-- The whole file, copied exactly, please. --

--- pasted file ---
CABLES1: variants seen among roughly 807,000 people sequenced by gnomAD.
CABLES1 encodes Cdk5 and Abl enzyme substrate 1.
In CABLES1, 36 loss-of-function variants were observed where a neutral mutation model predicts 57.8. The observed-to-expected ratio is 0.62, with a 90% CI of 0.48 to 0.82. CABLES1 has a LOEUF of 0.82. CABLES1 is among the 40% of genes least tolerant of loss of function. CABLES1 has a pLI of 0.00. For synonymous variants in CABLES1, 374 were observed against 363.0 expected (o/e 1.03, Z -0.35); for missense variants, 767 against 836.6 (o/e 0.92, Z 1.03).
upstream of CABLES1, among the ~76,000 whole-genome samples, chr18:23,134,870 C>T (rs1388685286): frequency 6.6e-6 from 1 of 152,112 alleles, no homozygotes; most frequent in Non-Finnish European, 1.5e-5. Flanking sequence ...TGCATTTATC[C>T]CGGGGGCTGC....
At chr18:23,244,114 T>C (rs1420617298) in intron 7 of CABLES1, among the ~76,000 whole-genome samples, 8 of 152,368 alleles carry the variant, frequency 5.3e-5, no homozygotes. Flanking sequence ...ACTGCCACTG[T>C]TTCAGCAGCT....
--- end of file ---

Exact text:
CABLES1: variants seen among roughly 807,000 people sequenced by gnomAD.
CABLES1 encodes Cdk5 and Abl enzyme substrate 1.
In CABLES1, 36 loss-of-function variants were observed where a neutral mutation model predicts 57.8. The observed-to-expected ratio is 0.62, with a 90% CI of 0.48 to 0.82. CABLES1 has a LOEUF of 0.82. CABLES1 is among the 40% of genes least tolerant of loss of function. CABLES1 has a pLI of 0.00. For synonymous variants in CABLES1, 374 were observed against 363.0 expected (o/e 1.03, Z -0.35); for missense variants, 767 against 836.6 (o/e 0.92, Z 1.03).
upstream of CABLES1, among the ~76,000 whole-genome samples, chr18:23,134,870 C>T (rs1388685286): frequency 6.6e-6 from 1 of 152,112 alleles, no homozygotes; most frequent in Non-Finnish European, 1.5e-5. Flanking sequence ...TGCATTTATC[C>T]CGGGGGCTGC....
At chr18:23,244,114 T>C (rs1420617298) in intron 7 of CABLES1, among the ~76,000 whole-genome samples, 8 of 152,368 alleles carry the variant, frequency 5.3e-5, no homozygotes. Flanking sequence ...ACTGCCACTG[T>C]TTCAGCAGCT....